Heʻeia is one of nine ahupuaʻa of Kāneʻohe Bay (this makes up most of the Koʻolaupoko moku (district.)) In early times, the land was intensely cultivated and fish ponds lined the Bay (30 walled fishponds were noted in the Bay in 1882 – including the two largest (Heʻeia and Moliʻi) fishponds remaining in Hawaiʻi.)
“Southeastward along the windward coast, beginning with Waikāne and continuing through Waiāhole, Kaʻalaea, Kahaluʻu, Heʻeia and Kāne’ohe, were broad valley bottoms and flatlands between the mountains and the sea which, taken all together, represent the most extensive wet-taro area on Oʻahu.” (Handy, Devaney)
As early as 1789, Portlock described this area: “Indeed, I had some reason to think, that the inhabitants on that part of the island were more numerous than in King George’s Bay (Maunalua Bay)”.
“… the bay all around has a very beautiful appearance, the low land and valleys being in high state of cultivation, and crowded with plantations of taro, sweet potatoes, sugar-cane, etc. interspersed with a great number of coconut trees”.
The open waters of the bay were also probably heavily fished within the limitations of the kapu system, and fishing rights were allocated as part of the respective ahupua’a. (Coles)
Chief Abner Paki (father of Bernice Pauahi Bishop and hānai father of Queen Liliʻuokalani) was granted the land of Heʻeia in 1848, apparently in recognition of allegiance to the Kamehameha Dynasty and also for a longer ancestral family interest in this land. Kelly reports that some of Paki’s ancestors can be traced to a Maui line of chiefs that had conquered Kahahana, the ruling chief of O‘ahu about 1785.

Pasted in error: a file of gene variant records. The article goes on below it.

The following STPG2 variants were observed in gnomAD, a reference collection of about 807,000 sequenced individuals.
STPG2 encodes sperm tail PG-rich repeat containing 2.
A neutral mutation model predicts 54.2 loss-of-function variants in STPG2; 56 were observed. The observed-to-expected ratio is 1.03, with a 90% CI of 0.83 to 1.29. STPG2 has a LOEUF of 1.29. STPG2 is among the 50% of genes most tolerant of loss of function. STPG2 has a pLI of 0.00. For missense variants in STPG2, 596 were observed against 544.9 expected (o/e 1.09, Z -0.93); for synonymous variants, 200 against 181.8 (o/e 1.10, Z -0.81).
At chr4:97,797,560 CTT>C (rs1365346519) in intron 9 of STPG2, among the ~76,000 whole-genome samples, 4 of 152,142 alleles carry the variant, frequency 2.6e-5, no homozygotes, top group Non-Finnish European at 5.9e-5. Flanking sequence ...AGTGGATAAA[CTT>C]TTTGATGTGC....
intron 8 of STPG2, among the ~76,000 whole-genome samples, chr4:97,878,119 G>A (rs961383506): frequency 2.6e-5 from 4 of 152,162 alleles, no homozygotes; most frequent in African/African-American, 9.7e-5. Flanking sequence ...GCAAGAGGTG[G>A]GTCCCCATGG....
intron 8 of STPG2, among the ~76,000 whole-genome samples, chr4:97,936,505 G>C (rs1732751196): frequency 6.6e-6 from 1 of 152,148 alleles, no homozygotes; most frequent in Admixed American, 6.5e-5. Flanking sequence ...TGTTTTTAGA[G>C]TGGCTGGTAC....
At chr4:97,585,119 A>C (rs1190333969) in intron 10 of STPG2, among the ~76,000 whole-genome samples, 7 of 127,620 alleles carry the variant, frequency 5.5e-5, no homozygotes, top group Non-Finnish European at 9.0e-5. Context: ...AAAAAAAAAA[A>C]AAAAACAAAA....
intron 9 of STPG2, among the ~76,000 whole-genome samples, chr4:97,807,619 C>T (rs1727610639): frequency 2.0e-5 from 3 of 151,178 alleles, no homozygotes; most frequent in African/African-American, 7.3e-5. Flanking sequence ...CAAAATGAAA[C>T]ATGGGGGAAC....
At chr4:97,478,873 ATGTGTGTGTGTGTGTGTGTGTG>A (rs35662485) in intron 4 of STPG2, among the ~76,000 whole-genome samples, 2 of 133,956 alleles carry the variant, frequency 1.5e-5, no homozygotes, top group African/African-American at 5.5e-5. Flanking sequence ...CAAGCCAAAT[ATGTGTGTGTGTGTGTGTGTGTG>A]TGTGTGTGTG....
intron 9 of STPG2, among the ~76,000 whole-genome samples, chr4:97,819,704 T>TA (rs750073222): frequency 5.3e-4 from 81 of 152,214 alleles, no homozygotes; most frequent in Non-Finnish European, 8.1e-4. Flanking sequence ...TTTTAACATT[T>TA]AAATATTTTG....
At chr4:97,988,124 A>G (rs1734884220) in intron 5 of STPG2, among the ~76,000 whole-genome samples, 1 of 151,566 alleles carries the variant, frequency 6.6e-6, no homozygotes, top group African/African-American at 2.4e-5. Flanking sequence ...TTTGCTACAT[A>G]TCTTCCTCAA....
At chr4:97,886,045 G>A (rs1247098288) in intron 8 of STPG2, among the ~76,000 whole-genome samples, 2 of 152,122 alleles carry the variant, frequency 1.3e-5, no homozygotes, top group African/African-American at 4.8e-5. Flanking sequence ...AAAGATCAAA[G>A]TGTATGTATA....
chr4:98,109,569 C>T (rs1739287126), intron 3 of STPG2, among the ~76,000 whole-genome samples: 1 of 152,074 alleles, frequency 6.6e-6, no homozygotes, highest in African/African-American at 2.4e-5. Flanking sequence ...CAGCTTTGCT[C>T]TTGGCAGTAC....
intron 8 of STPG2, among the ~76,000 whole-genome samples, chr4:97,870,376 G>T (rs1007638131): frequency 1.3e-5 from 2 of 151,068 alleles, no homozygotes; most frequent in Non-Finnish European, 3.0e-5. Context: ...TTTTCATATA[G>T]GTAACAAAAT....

Apparently, one of Paki’s uncles was charged with managing Heʻeia under the Maui rulership. Kelly suggests: “At least part of Paki’s connection with the land of Heʻeia may stem from his uncle’s earlier residence in that land, and may have been the reason why Paki was made konohiki of Heʻeia.” (Carson)
Sugarcane was introduced to Koʻolaupoko in 1865, when the Kingdom’s minister of finance and foreign affairs, Charles Coffin Harris, partnered with Queen Kalama to begin an operation known as the Kāneʻohe Sugar Company. (History of Koʻolaupoko)
By 1865, four plantations were in production, at Kualoa, Kaʻalaea, Waiheʻe and Kāneʻohe, and in the early 1880s, four more at Heʻeia, Kāneʻohe, Kahaluʻu and Ahuimanu, with a total of over 1,000-acres in cultivation in 1880. (Coles)
McKeague’s Sugar Plantation was in Heʻeia; starting in 1869, John McKeague (from Coleraine near Belfast, Ireland – February 12, 1832 – January 25, 1899) leased the Heʻeia ahupuaʻa from Charles and Bernice Pauahi Bishop – he had a partner, his uncle, Dr Alexander Kennedy.
About a decade later, McKeague added a mill and other improvements. (The Plantation was also known as Heʻeia Sugar Company, as well as Heʻeia Agricultural Company.)
“Mr John McKeague, the proprietor of the Heʻeia Sugar Plantation at Koʻolaupoko, Oʻahu, has completed the erection of an entire new mill and buildings, and on Wednesday last, he very hospitably entertained a large party of his friends and acquaintances, on the occasion of firing up and setting to motion the machinery of his new plant.”